After 1950, the original Destination Freedom broadcasts entered the realm of legend. The fates intervened when a woman who donnie l. betts was trying to pick up at a party in Los Angeles in the mid-90s hipped him to the existence of the black radio series. Back in Denver, betts’ friend David Earl Jones was working in the Tattered Cover book stores’ rare and out of print section. He dug up J. Fred MacDonald’s book “Don’t Touch That Dial! Radio Programming in American Life 1920-1960” which had 10 of Durham’s scripts in it.
Upon reading them, betts was inspired to revive this work of genius. He attained the blessing of Dunham’s widow Clarice, and reached out to Professor Macdonald in Chicago, who surprised him again with news that Oscar Brown Jr. had been involved in the original productions. betts swiftly contacted the singer, actor, writer, and activist Oscar Brown Jr. and piqued his interest in staging a reunion show of Destination Freedom in Denver. Other folks from the original run to participate included the storied storyteller Studs Terkel. Thus, Destination Freedom returned to the airwaves in spring of 1998 on KUVO 89.3fm with the story of Gwendolyn Brooks featuring Maya Angelou’s niece in the lead role.
Destination Freedom made its KGNU Community Radio debut in 2003, with the broadcast performances sprinkled across various venues for the past 16 years. KGNU is honored to serve as the long-term home for this important cultural production, in keeping with our mission to bring voices from the margins and to the airwaves. Each 30 minute drama is followed by a panel discussion with a wide array of stakeholders in interaction with the audience, plus a special musical guest, in keeping with betts’ mission to “Elevate, Educate, and Entertain.”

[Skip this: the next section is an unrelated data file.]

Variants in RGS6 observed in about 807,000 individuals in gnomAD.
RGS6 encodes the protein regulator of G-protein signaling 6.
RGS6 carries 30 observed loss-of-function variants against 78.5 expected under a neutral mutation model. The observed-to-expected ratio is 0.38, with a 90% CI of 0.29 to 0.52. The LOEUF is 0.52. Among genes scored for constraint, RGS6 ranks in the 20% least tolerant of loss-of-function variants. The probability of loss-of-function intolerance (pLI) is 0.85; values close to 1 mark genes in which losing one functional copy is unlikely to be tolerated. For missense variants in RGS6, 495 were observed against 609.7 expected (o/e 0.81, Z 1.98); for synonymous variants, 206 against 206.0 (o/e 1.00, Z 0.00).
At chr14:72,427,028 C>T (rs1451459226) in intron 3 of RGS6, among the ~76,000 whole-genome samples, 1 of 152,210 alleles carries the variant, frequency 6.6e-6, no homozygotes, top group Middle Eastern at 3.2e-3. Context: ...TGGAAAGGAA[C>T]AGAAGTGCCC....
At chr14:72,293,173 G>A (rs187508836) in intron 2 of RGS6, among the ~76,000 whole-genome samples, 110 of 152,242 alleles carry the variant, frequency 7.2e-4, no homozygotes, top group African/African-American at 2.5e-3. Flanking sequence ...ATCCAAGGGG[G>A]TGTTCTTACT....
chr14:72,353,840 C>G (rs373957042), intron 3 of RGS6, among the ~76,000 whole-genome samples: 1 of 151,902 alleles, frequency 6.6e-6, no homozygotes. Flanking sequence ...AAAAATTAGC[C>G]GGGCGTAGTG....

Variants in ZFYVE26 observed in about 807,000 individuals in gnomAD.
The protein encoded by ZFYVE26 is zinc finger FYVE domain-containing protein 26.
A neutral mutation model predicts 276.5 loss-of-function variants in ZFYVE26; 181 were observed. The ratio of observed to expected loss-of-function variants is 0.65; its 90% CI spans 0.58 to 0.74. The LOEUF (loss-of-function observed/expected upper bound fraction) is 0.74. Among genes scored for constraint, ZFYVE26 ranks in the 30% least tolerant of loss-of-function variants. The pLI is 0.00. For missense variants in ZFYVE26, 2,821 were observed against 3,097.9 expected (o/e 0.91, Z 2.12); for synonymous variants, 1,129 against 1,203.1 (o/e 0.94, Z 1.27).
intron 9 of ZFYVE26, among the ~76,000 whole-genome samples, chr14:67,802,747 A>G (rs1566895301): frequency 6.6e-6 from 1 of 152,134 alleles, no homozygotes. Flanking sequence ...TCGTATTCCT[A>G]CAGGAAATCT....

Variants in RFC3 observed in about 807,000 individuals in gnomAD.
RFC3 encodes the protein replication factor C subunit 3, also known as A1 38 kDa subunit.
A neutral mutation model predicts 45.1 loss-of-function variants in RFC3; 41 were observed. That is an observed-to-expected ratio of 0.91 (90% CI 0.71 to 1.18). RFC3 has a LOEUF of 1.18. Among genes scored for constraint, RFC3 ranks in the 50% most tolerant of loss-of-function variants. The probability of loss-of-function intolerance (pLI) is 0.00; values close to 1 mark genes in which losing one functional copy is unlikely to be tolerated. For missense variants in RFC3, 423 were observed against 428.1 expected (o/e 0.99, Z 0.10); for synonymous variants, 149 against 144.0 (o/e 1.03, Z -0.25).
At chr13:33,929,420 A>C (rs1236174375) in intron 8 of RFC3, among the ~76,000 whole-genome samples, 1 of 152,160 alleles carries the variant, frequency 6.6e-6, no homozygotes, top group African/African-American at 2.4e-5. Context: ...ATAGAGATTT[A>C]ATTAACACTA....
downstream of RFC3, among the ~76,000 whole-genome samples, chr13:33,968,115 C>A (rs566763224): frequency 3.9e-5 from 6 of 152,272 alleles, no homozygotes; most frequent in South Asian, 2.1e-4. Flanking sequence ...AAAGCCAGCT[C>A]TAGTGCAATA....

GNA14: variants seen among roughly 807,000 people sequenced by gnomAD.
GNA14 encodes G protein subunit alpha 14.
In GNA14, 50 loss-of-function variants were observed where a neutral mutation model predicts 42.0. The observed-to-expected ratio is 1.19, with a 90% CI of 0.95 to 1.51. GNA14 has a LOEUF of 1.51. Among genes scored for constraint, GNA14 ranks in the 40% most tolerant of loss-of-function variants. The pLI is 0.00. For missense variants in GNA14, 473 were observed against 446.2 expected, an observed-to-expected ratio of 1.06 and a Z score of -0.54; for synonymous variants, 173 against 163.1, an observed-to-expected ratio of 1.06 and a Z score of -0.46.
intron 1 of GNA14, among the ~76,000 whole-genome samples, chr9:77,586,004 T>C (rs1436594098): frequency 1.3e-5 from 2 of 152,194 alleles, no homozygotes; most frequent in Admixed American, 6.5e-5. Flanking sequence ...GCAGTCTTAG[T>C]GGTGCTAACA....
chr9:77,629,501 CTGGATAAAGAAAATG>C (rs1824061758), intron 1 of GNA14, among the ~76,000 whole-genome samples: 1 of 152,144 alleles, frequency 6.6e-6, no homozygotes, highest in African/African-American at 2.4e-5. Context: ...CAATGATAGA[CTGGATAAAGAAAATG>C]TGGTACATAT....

After 20+ years producing many of Durham’s original scripts covering individuals from Jackie Robinson to Staggalee, 2019 marks a new vision for betts’ stewardship of this legacy. A new generation is moving the conversation on race and inequality forward, producing incredible scripts and plays along the way. Listen to Destination Freedom as a vehicle for these important emerging stories, presented in the powerful live radio setting.
Upcoming “Destination Freedom” performances include “The Dark Legend of Detroit Blue,” Oct. 15, live on KGNU; “The Tale of The Bullet,” Oct. 22, live from the Hamilton Theatre at the Newman Center with musical guest/90’s hip hop icon Prince Po; “Enrique’s Journey” Part 1, Nov. 5, live from the Dairy Center in Boulder with musical guest Sudaca Project; and “Enrique’s Journey” Part 2, Nov. 12, adapted by Anthony J. Garcia with musical guest Los Mocochetes, live from the Dairy Center in Boulder.
Editor’s note: “Destination Freedom” is a true-to-form radio show in front of a live audience, simultaneously broadcast live on KGNU Community Radio, 88.5 FM and 1390 AM in Boulder and Denver and online at kgnu.org. For more information call 720-282-5751, email donnie.betts@gmail, or visit www.nocredits.com.